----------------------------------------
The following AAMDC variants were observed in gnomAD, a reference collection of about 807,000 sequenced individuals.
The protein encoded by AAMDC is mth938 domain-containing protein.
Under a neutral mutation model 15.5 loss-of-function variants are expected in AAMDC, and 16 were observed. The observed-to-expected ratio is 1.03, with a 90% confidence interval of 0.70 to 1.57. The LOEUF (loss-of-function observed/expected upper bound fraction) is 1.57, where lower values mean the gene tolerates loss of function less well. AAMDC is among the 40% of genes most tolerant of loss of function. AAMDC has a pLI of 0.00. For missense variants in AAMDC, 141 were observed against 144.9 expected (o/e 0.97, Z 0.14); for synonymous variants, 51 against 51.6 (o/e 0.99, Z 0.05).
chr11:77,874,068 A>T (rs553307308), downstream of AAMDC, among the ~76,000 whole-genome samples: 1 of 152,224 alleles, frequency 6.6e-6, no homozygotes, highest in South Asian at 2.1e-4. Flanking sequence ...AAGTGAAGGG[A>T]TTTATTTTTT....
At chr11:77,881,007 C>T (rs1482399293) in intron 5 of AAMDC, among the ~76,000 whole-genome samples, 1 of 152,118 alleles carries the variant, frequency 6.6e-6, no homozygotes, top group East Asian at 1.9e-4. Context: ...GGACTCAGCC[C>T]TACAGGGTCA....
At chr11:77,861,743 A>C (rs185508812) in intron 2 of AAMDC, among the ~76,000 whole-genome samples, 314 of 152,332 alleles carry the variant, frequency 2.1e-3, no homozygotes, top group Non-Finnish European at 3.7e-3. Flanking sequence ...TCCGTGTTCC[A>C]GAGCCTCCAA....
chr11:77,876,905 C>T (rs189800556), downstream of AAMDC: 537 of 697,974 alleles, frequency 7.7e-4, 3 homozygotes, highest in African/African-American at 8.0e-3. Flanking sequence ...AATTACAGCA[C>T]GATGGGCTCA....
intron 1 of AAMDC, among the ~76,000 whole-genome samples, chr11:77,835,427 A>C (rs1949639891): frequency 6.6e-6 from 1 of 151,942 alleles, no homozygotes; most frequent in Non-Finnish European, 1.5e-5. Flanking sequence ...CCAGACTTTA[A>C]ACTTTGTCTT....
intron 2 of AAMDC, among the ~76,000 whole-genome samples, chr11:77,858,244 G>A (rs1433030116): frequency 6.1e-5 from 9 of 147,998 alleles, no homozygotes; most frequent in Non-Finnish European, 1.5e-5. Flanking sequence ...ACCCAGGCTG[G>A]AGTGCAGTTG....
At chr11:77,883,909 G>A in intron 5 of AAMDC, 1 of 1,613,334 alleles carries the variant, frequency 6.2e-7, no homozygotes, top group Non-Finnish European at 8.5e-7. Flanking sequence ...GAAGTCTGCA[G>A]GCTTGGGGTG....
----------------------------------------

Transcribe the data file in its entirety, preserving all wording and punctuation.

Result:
The following AAMDC variants were observed in gnomAD, a reference collection of about 807,000 sequenced individuals.
The protein encoded by AAMDC is mth938 domain-containing protein.
Under a neutral mutation model 15.5 loss-of-function variants are expected in AAMDC, and 16 were observed. The observed-to-expected ratio is 1.03, with a 90% confidence interval of 0.70 to 1.57. The LOEUF (loss-of-function observed/expected upper bound fraction) is 1.57, where lower values mean the gene tolerates loss of function less well. AAMDC is among the 40% of genes most tolerant of loss of function. AAMDC has a pLI of 0.00. For missense variants in AAMDC, 141 were observed against 144.9 expected (o/e 0.97, Z 0.14); for synonymous variants, 51 against 51.6 (o/e 0.99, Z 0.05).
chr11:77,874,068 A>T (rs553307308), downstream of AAMDC, among the ~76,000 whole-genome samples: 1 of 152,224 alleles, frequency 6.6e-6, no homozygotes, highest in South Asian at 2.1e-4. Flanking sequence ...AAGTGAAGGG[A>T]TTTATTTTTT....
At chr11:77,881,007 C>T (rs1482399293) in intron 5 of AAMDC, among the ~76,000 whole-genome samples, 1 of 152,118 alleles carries the variant, frequency 6.6e-6, no homozygotes, top group East Asian at 1.9e-4. Context: ...GGACTCAGCC[C>T]TACAGGGTCA....
At chr11:77,861,743 A>C (rs185508812) in intron 2 of AAMDC, among the ~76,000 whole-genome samples, 314 of 152,332 alleles carry the variant, frequency 2.1e-3, no homozygotes, top group Non-Finnish European at 3.7e-3. Flanking sequence ...TCCGTGTTCC[A>C]GAGCCTCCAA....
chr11:77,876,905 C>T (rs189800556), downstream of AAMDC: 537 of 697,974 alleles, frequency 7.7e-4, 3 homozygotes, highest in African/African-American at 8.0e-3. Flanking sequence ...AATTACAGCA[C>T]GATGGGCTCA....
intron 1 of AAMDC, among the ~76,000 whole-genome samples, chr11:77,835,427 A>C (rs1949639891): frequency 6.6e-6 from 1 of 151,942 alleles, no homozygotes; most frequent in Non-Finnish European, 1.5e-5. Flanking sequence ...CCAGACTTTA[A>C]ACTTTGTCTT....
intron 2 of AAMDC, among the ~76,000 whole-genome samples, chr11:77,858,244 G>A (rs1433030116): frequency 6.1e-5 from 9 of 147,998 alleles, no homozygotes; most frequent in Non-Finnish European, 1.5e-5. Flanking sequence ...ACCCAGGCTG[G>A]AGTGCAGTTG....
At chr11:77,883,909 G>A in intron 5 of AAMDC, 1 of 1,613,334 alleles carries the variant, frequency 6.2e-7, no homozygotes, top group Non-Finnish European at 8.5e-7. Flanking sequence ...GAAGTCTGCA[G>A]GCTTGGGGTG....